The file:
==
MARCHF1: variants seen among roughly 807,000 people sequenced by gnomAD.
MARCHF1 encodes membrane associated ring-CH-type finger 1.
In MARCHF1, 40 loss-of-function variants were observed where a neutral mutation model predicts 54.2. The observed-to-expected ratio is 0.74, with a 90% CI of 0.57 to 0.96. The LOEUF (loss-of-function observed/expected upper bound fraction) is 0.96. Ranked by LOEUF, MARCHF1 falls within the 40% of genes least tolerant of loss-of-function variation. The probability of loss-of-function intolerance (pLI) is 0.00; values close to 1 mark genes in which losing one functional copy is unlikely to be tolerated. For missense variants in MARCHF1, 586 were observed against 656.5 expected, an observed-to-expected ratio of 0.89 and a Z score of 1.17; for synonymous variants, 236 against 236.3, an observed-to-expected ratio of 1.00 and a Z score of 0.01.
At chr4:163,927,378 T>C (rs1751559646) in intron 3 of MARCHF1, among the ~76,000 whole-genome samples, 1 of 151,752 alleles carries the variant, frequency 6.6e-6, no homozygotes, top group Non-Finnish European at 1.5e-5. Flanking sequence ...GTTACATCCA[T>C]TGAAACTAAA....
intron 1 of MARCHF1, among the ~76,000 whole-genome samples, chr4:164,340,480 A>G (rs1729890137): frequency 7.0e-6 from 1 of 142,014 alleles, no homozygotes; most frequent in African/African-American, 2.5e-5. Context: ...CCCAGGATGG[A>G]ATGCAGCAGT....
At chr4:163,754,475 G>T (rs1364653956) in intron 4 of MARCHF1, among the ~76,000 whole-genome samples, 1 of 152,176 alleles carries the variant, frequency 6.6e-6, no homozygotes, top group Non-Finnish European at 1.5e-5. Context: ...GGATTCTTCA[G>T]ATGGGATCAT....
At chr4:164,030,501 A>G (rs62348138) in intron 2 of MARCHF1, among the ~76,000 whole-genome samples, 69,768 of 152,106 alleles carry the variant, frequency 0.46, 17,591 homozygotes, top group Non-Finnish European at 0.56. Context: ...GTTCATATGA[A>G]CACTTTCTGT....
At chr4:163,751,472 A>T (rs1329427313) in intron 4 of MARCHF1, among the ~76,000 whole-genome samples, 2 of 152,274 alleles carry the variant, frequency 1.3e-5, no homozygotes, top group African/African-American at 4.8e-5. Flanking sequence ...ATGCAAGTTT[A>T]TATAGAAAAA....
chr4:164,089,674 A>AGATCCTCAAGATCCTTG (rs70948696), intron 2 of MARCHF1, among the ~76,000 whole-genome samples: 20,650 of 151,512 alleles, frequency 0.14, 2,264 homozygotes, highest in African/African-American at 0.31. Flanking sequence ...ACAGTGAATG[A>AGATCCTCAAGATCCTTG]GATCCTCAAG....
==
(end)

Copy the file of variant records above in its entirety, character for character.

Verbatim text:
MARCHF1: variants seen among roughly 807,000 people sequenced by gnomAD.
MARCHF1 encodes membrane associated ring-CH-type finger 1.
In MARCHF1, 40 loss-of-function variants were observed where a neutral mutation model predicts 54.2. The observed-to-expected ratio is 0.74, with a 90% CI of 0.57 to 0.96. The LOEUF (loss-of-function observed/expected upper bound fraction) is 0.96. Ranked by LOEUF, MARCHF1 falls within the 40% of genes least tolerant of loss-of-function variation. The probability of loss-of-function intolerance (pLI) is 0.00; values close to 1 mark genes in which losing one functional copy is unlikely to be tolerated. For missense variants in MARCHF1, 586 were observed against 656.5 expected, an observed-to-expected ratio of 0.89 and a Z score of 1.17; for synonymous variants, 236 against 236.3, an observed-to-expected ratio of 1.00 and a Z score of 0.01.
At chr4:163,927,378 T>C (rs1751559646) in intron 3 of MARCHF1, among the ~76,000 whole-genome samples, 1 of 151,752 alleles carries the variant, frequency 6.6e-6, no homozygotes, top group Non-Finnish European at 1.5e-5. Flanking sequence ...GTTACATCCA[T>C]TGAAACTAAA....
intron 1 of MARCHF1, among the ~76,000 whole-genome samples, chr4:164,340,480 A>G (rs1729890137): frequency 7.0e-6 from 1 of 142,014 alleles, no homozygotes; most frequent in African/African-American, 2.5e-5. Context: ...CCCAGGATGG[A>G]ATGCAGCAGT....
At chr4:163,754,475 G>T (rs1364653956) in intron 4 of MARCHF1, among the ~76,000 whole-genome samples, 1 of 152,176 alleles carries the variant, frequency 6.6e-6, no homozygotes, top group Non-Finnish European at 1.5e-5. Context: ...GGATTCTTCA[G>T]ATGGGATCAT....
At chr4:164,030,501 A>G (rs62348138) in intron 2 of MARCHF1, among the ~76,000 whole-genome samples, 69,768 of 152,106 alleles carry the variant, frequency 0.46, 17,591 homozygotes, top group Non-Finnish European at 0.56. Context: ...GTTCATATGA[A>G]CACTTTCTGT....
At chr4:163,751,472 A>T (rs1329427313) in intron 4 of MARCHF1, among the ~76,000 whole-genome samples, 2 of 152,274 alleles carry the variant, frequency 1.3e-5, no homozygotes, top group African/African-American at 4.8e-5. Flanking sequence ...ATGCAAGTTT[A>T]TATAGAAAAA....
chr4:164,089,674 A>AGATCCTCAAGATCCTTG (rs70948696), intron 2 of MARCHF1, among the ~76,000 whole-genome samples: 20,650 of 151,512 alleles, frequency 0.14, 2,264 homozygotes, highest in African/African-American at 0.31. Flanking sequence ...ACAGTGAATG[A>AGATCCTCAAGATCCTTG]GATCCTCAAG....